Things to do in Romsey
PUBLISHED: 10:01 22 March 2016 | UPDATED: 10:01 22 March 2016
The picturesque market town of Romsey is compact yet full of treats - a great destination for time out, says Emma Caulton
The Posh Shop
If shopping is your bag, Romsey packs a lot in. For a start this is a quaint market town with proper weekly markets every Tuesday, Friday and Saturday in the Cornmarket. Plus its selection of good quality independents offers individual style for both self and home. Browse Bell Street, Church Street and The Hundred for finds. There are irresistible designer boutiques. Regatta has labels such as 120%Lino, Marella and Sportmax. Anya has hip Candice Cooper shoes and stylish Paul Smith bags. There are accessories such as ornate scarves from Jam Gallery and gorgeous jewellery at Offord & Sons. For menswear, Royle & Cavendish has casual labels like Weird Fish while Cavendish impresses with Ralph Lauren and Georgio Armani - plus alterations, repairs and made to measure. Department store Bradbeers has everything from cookshop to cosmetics, award-winning lingerie department, fashion and furnishings. Consortium is an enclave of shabby chic with Lloyd Loom chairs, old chests of drawers and patchwork quilts. There are ‘lifestyle’ stores offering a mix of goodies such as Bergman & Brown (desirable metallic tote bags and pom-pom-trimmed throws) and Just a Little Bit Different, which only opened last year, with an eclectic selection from coffee to candles. And don’t miss Kit & Caboodle’s two temptingly colourful shops stuffed with kids’ stuff and gifts.
If you want to take a break from shopping, right in the centre of town, opposite Romsey Abbey, is King John’s House and Heritage Centre. This is an oasis: 750 years of history in three buildings - King John’s House, dating from the 13th century, a Tudor cottage and Victorian museum. History feels alive. There is also an old-fashioned tea room and truly delightful gardens. Look out, too, for a programme of craft workshops.
Foodie Romsey has whatever takes your fancy. Dish Deli and Kitchen on Latimer Street serves up breakfast, brunch, lunch and afternoon tea with an emphasis on local produce. For the most amazing ice creams visit Sundae’s Child. Ice creams are made on the premises daily and an ever changing list of weird and wonderful flavours includes the likes of liquorice and pear, and raspberry jam doughnut! Cafes include the Daisy Cake Company in candy pink and sugar mouse white, and Rum’s Eg cafe on the first floor of this gallery-style arts and crafts shop - for homemade soup among the artwork.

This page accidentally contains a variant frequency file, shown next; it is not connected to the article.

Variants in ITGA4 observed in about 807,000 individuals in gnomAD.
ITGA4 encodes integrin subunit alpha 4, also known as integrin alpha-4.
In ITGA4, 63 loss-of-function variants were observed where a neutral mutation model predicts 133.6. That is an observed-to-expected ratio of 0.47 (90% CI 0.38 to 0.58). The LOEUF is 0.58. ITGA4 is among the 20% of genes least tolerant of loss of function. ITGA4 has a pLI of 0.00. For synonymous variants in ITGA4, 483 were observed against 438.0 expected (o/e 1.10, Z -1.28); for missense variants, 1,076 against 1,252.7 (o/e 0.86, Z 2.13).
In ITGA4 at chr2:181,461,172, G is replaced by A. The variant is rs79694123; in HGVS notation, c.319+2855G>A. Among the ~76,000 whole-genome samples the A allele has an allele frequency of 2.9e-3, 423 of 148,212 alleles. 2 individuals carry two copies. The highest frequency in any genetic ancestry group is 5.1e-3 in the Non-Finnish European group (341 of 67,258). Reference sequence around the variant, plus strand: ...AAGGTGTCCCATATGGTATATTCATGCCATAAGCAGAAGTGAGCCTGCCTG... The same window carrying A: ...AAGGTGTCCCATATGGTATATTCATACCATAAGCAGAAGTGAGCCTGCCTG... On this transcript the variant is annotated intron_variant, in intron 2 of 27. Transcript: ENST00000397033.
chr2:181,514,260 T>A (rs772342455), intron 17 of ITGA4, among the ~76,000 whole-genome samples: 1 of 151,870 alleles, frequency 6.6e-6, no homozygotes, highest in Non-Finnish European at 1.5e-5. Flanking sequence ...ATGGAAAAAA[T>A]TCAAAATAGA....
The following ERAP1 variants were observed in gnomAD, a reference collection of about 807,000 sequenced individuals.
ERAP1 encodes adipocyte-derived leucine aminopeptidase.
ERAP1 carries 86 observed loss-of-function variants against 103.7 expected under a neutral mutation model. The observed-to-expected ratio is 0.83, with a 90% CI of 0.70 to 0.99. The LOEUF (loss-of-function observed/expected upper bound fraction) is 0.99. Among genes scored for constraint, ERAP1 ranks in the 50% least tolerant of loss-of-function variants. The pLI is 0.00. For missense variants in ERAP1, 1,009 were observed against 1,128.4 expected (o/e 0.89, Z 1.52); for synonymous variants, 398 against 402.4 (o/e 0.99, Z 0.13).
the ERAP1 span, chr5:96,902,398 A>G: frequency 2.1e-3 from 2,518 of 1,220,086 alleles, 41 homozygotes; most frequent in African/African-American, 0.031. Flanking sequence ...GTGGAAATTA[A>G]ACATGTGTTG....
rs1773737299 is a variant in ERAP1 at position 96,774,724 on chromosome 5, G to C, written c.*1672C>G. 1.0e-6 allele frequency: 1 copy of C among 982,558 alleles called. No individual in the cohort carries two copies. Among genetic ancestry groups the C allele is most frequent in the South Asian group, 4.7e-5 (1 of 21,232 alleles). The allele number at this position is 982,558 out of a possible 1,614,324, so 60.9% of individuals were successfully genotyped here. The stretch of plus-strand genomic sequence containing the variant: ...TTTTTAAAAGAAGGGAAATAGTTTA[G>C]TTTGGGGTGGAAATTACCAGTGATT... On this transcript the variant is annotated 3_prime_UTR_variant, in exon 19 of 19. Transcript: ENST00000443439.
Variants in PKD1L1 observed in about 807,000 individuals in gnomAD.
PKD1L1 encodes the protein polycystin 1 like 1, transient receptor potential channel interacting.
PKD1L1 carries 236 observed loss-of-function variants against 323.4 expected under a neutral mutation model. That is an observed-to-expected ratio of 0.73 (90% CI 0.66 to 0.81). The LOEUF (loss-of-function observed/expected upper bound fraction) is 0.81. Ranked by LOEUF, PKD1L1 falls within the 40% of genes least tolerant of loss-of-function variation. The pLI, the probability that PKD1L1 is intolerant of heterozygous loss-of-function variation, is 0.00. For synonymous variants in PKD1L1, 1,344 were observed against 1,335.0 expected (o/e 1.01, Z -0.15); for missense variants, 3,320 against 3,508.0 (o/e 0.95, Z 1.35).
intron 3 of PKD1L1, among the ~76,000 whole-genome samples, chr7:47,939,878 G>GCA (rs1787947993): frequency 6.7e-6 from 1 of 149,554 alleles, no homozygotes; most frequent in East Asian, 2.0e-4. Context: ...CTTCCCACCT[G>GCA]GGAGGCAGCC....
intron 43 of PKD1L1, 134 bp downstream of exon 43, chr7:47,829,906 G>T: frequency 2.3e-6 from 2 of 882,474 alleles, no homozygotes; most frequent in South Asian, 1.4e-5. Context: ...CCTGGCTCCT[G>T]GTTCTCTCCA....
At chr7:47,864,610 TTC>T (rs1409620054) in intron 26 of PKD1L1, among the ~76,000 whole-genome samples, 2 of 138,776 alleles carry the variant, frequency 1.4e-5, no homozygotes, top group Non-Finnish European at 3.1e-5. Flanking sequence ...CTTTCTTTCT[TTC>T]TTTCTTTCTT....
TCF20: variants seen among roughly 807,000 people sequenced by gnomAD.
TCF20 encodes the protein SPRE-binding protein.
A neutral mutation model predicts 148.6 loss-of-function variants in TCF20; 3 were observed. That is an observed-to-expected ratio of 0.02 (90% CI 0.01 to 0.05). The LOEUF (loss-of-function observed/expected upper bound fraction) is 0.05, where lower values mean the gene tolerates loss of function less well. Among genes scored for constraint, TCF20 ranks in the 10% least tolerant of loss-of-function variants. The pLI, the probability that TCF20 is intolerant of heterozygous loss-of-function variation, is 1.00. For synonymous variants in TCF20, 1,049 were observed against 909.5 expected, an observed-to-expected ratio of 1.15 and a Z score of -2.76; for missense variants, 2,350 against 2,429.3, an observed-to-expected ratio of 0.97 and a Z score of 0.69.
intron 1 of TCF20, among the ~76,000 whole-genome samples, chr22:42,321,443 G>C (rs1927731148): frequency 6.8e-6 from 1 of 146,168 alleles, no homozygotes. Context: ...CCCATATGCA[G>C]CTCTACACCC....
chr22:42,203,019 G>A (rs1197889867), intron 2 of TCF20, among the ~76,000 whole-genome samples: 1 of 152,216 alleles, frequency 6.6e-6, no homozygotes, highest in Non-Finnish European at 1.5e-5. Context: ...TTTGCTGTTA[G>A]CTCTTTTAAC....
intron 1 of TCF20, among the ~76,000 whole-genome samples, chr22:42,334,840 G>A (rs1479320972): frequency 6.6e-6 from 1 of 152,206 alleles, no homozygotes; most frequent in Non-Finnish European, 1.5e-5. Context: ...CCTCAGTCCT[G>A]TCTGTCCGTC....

Homes & Gardens
Romsey is good at gardens. Apart from the garden ‘rooms’ of King John’s House there are the Memorial Gardens – five acres of public park bordered on three sides by the River Test. There’s a restored bandstand, children’s playground, and the most recent addition is a magnificent war horse memorial, unveiled by Princess Anne last summer. But just outside Romsey are the big guns: gardens of national and international importance. First: Sir Harold Hillier Gardens. This must-visit is 180 acres of dazzling seasonal planting displays including, in spring, a profusion of camellias and rhododendrons and a magnolia avenue. There are national plant and tree collections, stunning views, a children’s garden, a lovely cafe and gallery space and a lively events calendar. Second: Mottisfont Abbey. Set in an idyllic location alongside the Test, this National Trust property, crafted from a Medieval priory, is known worldwide for its walled rose gardens. However it is becoming a year-round destination, partly for its art exhibitions. This expanding role has been celebrated with the opening in January of a new welcome centre including an eight metre long artwork.
Finish off the day with a splash at The Rapids for family fun with flumes, bubble seats, pirate galleon, sprays and currents. If you want a more relaxing experience there’s also a steam room, sauna and beauty treatments.
Eat, Sleep, Relax
There are opportunities to enjoy an organ recital or a concert at Romsey Abbey (one of the finest examples of Norman architecture in southern England), including the London Welsh Male Voice Choir and City of Southampton Orchestra. Otherwise an evening in Romsey is a chance to tuck in to some great food. Unsurprisingly for a town that has a history of brewing, Romsey has a decent selection of pubs including The Three Tuns, which has a Michelin Bib Gourmand, and The Old House at Home, a thatched inn dating from the 17th century and serving up traditional pub grub. There’s also a restaurant with rooms, Berties, known for its modern British food. What is more unexpected is the variety of cuisines available including a well-established French bistro, La Parisienne, authentic classical Thai at Suan Thai, and tasty modern Indian food at Nat Raj. Turn in for the night at The White Horse, a comfortable boutique hotel with 2AA Rosette brasserie offering new grill menu and dishes inspired by local, seasonal ingredients, right in the heart of Romsey. All exposed beams and character, it has been the town’s principal inn since medieval times. Some of the surviving timbers are thought to date from 1450, but the ancient stone cellars suggest it could have been hosting visitors to Romsey Abbey as early as the 12th century.
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